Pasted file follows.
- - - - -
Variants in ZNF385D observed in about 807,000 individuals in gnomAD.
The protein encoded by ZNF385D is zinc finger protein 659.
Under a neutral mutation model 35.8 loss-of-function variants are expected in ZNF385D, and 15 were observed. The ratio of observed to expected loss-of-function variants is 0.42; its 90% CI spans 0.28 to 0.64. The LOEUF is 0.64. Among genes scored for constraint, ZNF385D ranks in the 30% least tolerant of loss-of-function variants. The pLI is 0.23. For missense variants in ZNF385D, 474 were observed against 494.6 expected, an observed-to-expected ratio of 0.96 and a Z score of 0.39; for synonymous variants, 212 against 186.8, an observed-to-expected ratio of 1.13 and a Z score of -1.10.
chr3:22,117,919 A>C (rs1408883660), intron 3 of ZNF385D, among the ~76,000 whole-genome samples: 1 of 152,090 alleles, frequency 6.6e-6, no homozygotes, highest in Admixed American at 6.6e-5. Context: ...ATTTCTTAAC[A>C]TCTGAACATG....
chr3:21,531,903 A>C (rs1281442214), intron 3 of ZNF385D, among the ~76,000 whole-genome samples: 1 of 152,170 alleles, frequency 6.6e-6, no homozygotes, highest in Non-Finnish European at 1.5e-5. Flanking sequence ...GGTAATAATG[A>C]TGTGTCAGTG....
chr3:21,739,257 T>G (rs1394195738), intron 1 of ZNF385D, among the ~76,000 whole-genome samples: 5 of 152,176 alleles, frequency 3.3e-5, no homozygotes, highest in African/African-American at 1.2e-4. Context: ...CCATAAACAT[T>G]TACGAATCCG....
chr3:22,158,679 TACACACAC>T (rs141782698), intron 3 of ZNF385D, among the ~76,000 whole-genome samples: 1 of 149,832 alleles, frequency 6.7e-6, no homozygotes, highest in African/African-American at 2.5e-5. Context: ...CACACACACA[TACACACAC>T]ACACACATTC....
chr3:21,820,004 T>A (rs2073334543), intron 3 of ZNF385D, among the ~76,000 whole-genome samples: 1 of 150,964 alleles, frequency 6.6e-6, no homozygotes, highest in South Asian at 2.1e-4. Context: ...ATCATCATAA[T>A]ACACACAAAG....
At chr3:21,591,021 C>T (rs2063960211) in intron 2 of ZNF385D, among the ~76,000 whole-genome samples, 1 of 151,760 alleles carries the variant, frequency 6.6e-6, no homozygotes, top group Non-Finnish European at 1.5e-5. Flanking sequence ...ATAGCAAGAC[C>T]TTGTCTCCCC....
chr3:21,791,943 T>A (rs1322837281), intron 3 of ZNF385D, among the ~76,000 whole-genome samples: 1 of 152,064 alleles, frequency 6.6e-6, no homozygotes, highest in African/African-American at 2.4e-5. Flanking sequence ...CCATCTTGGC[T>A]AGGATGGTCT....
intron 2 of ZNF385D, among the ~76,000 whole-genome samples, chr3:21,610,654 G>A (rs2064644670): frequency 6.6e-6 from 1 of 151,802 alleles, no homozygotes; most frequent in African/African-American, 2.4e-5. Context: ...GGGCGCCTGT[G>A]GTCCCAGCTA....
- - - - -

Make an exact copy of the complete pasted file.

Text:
Variants in ZNF385D observed in about 807,000 individuals in gnomAD.
The protein encoded by ZNF385D is zinc finger protein 659.
Under a neutral mutation model 35.8 loss-of-function variants are expected in ZNF385D, and 15 were observed. The ratio of observed to expected loss-of-function variants is 0.42; its 90% CI spans 0.28 to 0.64. The LOEUF is 0.64. Among genes scored for constraint, ZNF385D ranks in the 30% least tolerant of loss-of-function variants. The pLI is 0.23. For missense variants in ZNF385D, 474 were observed against 494.6 expected, an observed-to-expected ratio of 0.96 and a Z score of 0.39; for synonymous variants, 212 against 186.8, an observed-to-expected ratio of 1.13 and a Z score of -1.10.
chr3:22,117,919 A>C (rs1408883660), intron 3 of ZNF385D, among the ~76,000 whole-genome samples: 1 of 152,090 alleles, frequency 6.6e-6, no homozygotes, highest in Admixed American at 6.6e-5. Context: ...ATTTCTTAAC[A>C]TCTGAACATG....
chr3:21,531,903 A>C (rs1281442214), intron 3 of ZNF385D, among the ~76,000 whole-genome samples: 1 of 152,170 alleles, frequency 6.6e-6, no homozygotes, highest in Non-Finnish European at 1.5e-5. Flanking sequence ...GGTAATAATG[A>C]TGTGTCAGTG....
chr3:21,739,257 T>G (rs1394195738), intron 1 of ZNF385D, among the ~76,000 whole-genome samples: 5 of 152,176 alleles, frequency 3.3e-5, no homozygotes, highest in African/African-American at 1.2e-4. Context: ...CCATAAACAT[T>G]TACGAATCCG....
chr3:22,158,679 TACACACAC>T (rs141782698), intron 3 of ZNF385D, among the ~76,000 whole-genome samples: 1 of 149,832 alleles, frequency 6.7e-6, no homozygotes, highest in African/African-American at 2.5e-5. Context: ...CACACACACA[TACACACAC>T]ACACACATTC....
chr3:21,820,004 T>A (rs2073334543), intron 3 of ZNF385D, among the ~76,000 whole-genome samples: 1 of 150,964 alleles, frequency 6.6e-6, no homozygotes, highest in South Asian at 2.1e-4. Context: ...ATCATCATAA[T>A]ACACACAAAG....
At chr3:21,591,021 C>T (rs2063960211) in intron 2 of ZNF385D, among the ~76,000 whole-genome samples, 1 of 151,760 alleles carries the variant, frequency 6.6e-6, no homozygotes, top group Non-Finnish European at 1.5e-5. Flanking sequence ...ATAGCAAGAC[C>T]TTGTCTCCCC....
chr3:21,791,943 T>A (rs1322837281), intron 3 of ZNF385D, among the ~76,000 whole-genome samples: 1 of 152,064 alleles, frequency 6.6e-6, no homozygotes, highest in African/African-American at 2.4e-5. Flanking sequence ...CCATCTTGGC[T>A]AGGATGGTCT....
intron 2 of ZNF385D, among the ~76,000 whole-genome samples, chr3:21,610,654 G>A (rs2064644670): frequency 6.6e-6 from 1 of 151,802 alleles, no homozygotes; most frequent in African/African-American, 2.4e-5. Context: ...GGGCGCCTGT[G>A]GTCCCAGCTA....